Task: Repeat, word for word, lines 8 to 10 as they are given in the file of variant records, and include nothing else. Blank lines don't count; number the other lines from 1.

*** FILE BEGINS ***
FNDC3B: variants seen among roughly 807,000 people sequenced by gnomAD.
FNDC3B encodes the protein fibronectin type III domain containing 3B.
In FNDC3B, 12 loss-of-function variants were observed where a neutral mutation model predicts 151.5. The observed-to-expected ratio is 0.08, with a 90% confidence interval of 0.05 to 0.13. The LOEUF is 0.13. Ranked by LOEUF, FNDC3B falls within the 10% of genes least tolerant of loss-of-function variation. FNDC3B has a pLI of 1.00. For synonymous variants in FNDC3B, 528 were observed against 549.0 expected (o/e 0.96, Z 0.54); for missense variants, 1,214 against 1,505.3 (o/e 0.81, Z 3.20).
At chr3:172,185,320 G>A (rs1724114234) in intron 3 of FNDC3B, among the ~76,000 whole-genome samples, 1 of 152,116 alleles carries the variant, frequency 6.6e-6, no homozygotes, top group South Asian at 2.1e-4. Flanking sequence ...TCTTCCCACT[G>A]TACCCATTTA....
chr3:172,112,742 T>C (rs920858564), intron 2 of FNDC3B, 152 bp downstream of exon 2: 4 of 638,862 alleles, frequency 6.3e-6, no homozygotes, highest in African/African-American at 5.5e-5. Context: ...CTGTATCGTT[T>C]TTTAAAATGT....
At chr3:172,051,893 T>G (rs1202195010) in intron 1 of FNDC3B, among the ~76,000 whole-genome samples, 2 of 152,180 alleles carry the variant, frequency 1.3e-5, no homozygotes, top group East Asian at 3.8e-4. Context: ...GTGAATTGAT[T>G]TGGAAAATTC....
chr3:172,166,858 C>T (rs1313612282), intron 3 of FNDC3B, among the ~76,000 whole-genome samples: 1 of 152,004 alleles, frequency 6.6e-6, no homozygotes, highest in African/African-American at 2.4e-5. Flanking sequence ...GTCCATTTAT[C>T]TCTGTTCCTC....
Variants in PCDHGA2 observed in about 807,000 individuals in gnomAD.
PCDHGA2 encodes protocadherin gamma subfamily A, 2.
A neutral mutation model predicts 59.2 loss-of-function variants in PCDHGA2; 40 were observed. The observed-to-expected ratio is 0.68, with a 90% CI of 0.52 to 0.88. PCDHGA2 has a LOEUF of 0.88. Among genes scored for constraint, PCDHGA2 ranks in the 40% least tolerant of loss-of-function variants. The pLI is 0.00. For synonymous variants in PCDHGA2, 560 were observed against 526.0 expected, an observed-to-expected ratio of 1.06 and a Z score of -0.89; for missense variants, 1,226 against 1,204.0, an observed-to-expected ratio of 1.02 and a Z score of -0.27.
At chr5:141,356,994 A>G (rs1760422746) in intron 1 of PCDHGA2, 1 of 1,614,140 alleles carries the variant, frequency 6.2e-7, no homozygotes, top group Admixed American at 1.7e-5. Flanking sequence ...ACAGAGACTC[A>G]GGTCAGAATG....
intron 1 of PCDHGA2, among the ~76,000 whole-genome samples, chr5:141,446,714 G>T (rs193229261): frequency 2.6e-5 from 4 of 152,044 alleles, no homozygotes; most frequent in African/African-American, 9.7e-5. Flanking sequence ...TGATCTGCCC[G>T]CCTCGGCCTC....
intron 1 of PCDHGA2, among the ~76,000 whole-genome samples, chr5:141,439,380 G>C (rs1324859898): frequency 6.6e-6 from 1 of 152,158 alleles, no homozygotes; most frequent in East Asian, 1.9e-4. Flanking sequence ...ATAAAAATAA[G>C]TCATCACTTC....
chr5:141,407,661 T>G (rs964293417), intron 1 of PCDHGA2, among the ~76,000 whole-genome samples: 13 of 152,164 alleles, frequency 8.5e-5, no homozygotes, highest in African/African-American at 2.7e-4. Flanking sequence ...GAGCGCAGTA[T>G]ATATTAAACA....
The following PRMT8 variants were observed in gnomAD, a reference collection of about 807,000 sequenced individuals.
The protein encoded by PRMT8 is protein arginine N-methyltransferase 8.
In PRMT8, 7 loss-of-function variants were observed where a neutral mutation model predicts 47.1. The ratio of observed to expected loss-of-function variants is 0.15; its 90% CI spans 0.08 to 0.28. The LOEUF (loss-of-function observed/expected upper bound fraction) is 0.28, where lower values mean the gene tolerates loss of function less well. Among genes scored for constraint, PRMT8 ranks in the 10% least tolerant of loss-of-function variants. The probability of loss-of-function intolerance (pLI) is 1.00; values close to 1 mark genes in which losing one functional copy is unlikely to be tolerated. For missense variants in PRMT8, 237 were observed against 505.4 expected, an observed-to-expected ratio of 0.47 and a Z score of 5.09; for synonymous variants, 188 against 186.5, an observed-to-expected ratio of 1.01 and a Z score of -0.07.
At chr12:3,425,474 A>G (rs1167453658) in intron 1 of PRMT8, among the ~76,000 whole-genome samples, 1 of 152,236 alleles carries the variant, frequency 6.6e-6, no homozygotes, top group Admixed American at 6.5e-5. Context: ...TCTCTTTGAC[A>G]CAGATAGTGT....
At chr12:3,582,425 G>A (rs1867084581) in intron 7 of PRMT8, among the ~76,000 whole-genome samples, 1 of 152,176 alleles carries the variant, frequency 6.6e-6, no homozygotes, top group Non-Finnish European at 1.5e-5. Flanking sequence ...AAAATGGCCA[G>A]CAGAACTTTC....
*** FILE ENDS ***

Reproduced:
Variants in PCDHGA2 observed in about 807,000 individuals in gnomAD.
PCDHGA2 encodes protocadherin gamma subfamily A, 2.
A neutral mutation model predicts 59.2 loss-of-function variants in PCDHGA2; 40 were observed. The observed-to-expected ratio is 0.68, with a 90% CI of 0.52 to 0.88. PCDHGA2 has a LOEUF of 0.88. Among genes scored for constraint, PCDHGA2 ranks in the 40% least tolerant of loss-of-function variants. The pLI is 0.00. For synonymous variants in PCDHGA2, 560 were observed against 526.0 expected, an observed-to-expected ratio of 1.06 and a Z score of -0.89; for missense variants, 1,226 against 1,204.0, an observed-to-expected ratio of 1.02 and a Z score of -0.27.